DECC recently announced several changes to the existing Green Deal Cashback Scheme (operating in England and Wales) which rewards consumers for taking action to improve the energy efficiency of their homes through the Green Deal. These changes were the result of feedback we’ve had from industry and consumers on how the scheme could be made more attractive to increase energy efficiency in households.
A quick recap of the changes :
DECC wants incentives to drive a greater uptake of energy efficiency measures than would otherwise be the case, and ECO companies already have ECO targets which they are obliged by law to meet. It is important that ECO costs are no higher than they need to be. The changes to ECO proposed in December, which we are now consulting on, will reduce costs to the energy companies.
By keeping the funding streams separate , we avoid the possibility that cashback simply represents taxpayer subsidy of what the energy companies would be doing anyway, reducing their costs still further without producing any additional benefits to households.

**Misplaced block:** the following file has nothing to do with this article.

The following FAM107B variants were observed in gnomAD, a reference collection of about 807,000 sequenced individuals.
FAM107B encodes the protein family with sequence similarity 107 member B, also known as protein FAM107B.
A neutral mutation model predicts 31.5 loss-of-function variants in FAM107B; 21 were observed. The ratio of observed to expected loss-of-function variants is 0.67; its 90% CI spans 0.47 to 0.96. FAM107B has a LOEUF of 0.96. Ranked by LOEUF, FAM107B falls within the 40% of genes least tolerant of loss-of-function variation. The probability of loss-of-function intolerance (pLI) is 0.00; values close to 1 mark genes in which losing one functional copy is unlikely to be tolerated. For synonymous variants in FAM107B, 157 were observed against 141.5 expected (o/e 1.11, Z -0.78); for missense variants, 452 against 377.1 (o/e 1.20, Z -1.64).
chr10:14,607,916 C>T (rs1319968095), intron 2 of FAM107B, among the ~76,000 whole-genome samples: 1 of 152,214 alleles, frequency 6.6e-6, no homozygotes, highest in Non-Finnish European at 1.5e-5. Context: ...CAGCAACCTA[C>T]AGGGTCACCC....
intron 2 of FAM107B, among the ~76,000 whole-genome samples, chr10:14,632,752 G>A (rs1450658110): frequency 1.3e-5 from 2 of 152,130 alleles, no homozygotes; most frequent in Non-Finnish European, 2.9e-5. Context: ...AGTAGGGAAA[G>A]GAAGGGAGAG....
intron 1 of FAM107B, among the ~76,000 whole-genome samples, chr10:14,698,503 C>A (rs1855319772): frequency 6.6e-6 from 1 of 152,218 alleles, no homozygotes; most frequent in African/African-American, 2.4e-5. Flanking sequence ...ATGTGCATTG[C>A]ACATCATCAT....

We intend to make changes to the Cashback Customer Terms and Conditions to reflect the changes in eligibility criteria, and we will write to Providers shortly regarding potential changes to the Provider Terms and Conditions.
Cashback vouchers are already based on the customer’s contribution costs excluding any ECO discount applied, and based on the quotation that the Provider gives to the customer for the work.
Changes to cashback apply to the Cashback Terms and Conditions only. The arrangements between Energy Suppliers and Providers regarding ECO is a matter for them.
We have revised the rates of cashback on offer to better reflect the costs that customers incur in installing measures and as such we expect the increased SWI rates will make it more attractive to consumers, especially as part of a Green Deal finance plan.
For example: ( all costs are illustrative)